Yes, I am late this month. Honestly, this has been such a strange month for me that it's a wonder I remembered to do this at all.
I have a very large collection of books on writing. I've stopped buying them in the last five years or so, but they still fill several shelves and I pull out one or two now and then and just skim through them again. Sometimes it's good to have reinforcement of things that helped you understand the process of writing. I can get lazy sometimes. I can forget pieces that help me see the process clearer. And sometimes, like with The Writer's Journey by Vogler, I can see different ways to approach a new story. The Marshall Plan for Novel for Novel Writing was one of the best overall books for book writing that I've ever found.
I've written a few books on writing as well. Some people find them helpful and others do not. And that's where we come to inspiration.
You never know what's going to help fill in some blank in either your ability to write or in a specific story. You don't know when you look out at a sunset if you are going to suddenly imagine a person watching the sun go down a hundred years ago. A thousand years ago -- or ten thousand years from now. Writers see more than the real world around them; they imagine how it could have been and how it might be. We are visionaries, each in our own special way.
Sometimes inspiration lags. I've had the problem this month while I prepare outlines for NaNo. Last night a piece finally fell into place when I started thinking (for no obvious reason) about another story already published. My brain had made the link that I had not seen until I started looking at the name for one of the gods in this fantasy.
Inspiration is not something that can be controlled, but I have found that the more you use it, the more likely it is to come to your aid when you really need some help. I don't go chasing after every story idea that pops up. Ideas are easy; expanding them into plots takes a lot more work. Even so, letting ideas play around in my brain lets it kick out odd things now and then. Sometimes they don't look helpful at all. Why should I be thinking about characters in a book already published? I am not writing a sequel to it, after all. And yet, a moment later, there was a link to the overall structure and world building that I could adapt, and having done so -- I saw a wide new vision of how the book needed to go.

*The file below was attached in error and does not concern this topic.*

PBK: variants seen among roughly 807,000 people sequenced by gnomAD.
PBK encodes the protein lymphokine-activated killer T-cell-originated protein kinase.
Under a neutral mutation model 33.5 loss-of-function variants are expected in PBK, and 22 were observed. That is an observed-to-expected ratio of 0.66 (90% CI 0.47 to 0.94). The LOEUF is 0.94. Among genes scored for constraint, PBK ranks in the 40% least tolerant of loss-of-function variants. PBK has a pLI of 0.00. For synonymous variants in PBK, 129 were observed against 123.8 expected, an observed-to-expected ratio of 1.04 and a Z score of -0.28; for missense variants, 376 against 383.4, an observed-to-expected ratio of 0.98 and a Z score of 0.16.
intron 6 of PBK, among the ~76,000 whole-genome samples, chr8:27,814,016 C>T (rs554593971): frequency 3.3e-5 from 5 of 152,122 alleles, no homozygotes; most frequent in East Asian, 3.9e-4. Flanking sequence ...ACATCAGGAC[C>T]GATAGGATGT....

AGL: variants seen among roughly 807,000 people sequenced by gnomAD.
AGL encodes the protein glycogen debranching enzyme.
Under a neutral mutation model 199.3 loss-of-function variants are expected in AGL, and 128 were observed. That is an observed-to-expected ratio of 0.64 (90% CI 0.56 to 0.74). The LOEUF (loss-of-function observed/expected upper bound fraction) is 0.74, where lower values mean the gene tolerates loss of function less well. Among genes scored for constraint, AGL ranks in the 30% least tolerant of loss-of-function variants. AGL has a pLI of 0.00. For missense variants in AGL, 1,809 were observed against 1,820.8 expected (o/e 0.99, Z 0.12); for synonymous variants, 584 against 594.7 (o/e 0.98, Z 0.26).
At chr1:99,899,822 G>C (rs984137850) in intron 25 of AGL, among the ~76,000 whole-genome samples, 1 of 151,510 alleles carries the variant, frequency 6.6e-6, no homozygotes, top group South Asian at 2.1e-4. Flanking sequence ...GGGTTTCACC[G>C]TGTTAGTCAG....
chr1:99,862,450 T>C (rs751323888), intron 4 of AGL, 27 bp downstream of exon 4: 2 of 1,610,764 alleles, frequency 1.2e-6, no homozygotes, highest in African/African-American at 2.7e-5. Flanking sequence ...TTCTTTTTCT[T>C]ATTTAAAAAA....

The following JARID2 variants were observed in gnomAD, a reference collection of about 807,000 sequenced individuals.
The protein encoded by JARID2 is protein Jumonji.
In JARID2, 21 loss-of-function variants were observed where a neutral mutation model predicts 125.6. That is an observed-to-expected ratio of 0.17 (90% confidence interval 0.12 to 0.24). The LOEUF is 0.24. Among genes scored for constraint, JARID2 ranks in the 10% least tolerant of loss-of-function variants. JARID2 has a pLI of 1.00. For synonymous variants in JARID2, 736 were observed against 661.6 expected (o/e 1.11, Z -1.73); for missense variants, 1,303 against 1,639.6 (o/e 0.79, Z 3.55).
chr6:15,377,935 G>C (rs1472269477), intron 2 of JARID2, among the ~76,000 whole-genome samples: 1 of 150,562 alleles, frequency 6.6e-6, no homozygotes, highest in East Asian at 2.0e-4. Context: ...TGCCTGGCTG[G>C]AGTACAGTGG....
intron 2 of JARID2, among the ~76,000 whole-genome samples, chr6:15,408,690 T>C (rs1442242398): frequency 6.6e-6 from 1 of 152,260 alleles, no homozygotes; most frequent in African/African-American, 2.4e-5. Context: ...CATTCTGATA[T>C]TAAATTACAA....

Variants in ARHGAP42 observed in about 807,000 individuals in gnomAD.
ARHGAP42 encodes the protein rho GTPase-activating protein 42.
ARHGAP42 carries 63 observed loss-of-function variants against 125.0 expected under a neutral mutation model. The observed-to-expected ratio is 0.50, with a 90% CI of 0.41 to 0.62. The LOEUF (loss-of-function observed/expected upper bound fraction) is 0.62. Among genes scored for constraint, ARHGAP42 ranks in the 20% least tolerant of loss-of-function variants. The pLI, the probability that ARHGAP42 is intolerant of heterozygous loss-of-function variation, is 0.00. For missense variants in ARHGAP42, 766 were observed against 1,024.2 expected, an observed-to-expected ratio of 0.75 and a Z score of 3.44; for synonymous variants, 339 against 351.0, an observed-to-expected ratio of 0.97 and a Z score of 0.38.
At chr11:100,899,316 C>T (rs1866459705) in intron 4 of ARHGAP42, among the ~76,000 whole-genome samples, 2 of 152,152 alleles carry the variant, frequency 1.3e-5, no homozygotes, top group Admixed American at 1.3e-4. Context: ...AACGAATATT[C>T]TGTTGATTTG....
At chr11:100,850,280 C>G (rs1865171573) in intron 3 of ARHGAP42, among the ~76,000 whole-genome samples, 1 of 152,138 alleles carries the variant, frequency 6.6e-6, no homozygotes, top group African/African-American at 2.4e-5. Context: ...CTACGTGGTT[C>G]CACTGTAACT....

I've rarely been able to force inspiration, though. Either the story is ready to unfold (usually in an outline) or it's not. I don't leap into the work until I feel that I have a good grasp on what I have. Even then, an outline can suddenly slow and stop, as this last one had. I knew I was missing some key piece to the background.
Inspiration doesn't usually come from my own work, though. Reading everything helps. Nonfiction is my favorite place to find new ideas, but sometimes watching a show will help. Shows don't inspire me so much with plots, but characters and character interactions are sometimes helpful.
I am rarely inspired by real life, though. I know some writers enjoy 'people watching' but I find most people either boring or rude these days, and I can imagine both without having to see it in real life. That's also why a lot of television and movies don't inspire me, either. I am not looking for the same sort of stories that are often popular.
I think this is why 'searching for inspiration' doesn't always work for some writers. They look in places that are mundane, at least to them, or too well known. They'll read a favorite book they've read before or watch a favorite show -- and this might have helped in the past, but you can only dip into a certain well so many times.
For me, the best inspiration is often to learn new things. History can be adapted to a wide range of adventures and biography can inspire new characters. Science expands the reach of the world and religion brings new depth to cultures. A writer who isn't interested in learning anything new is stuck either getting their inspiration second hand from someone else's story (television, movies, games, etc.) or they add very little new material to what they have on hand.
Inspiration (like the muse that represents it) needs fed.
If you want to get to read about other writers, check out the Merry-Go-Round Blog Tour. Be sure to read tomorrow's post by Sharon Kemmerer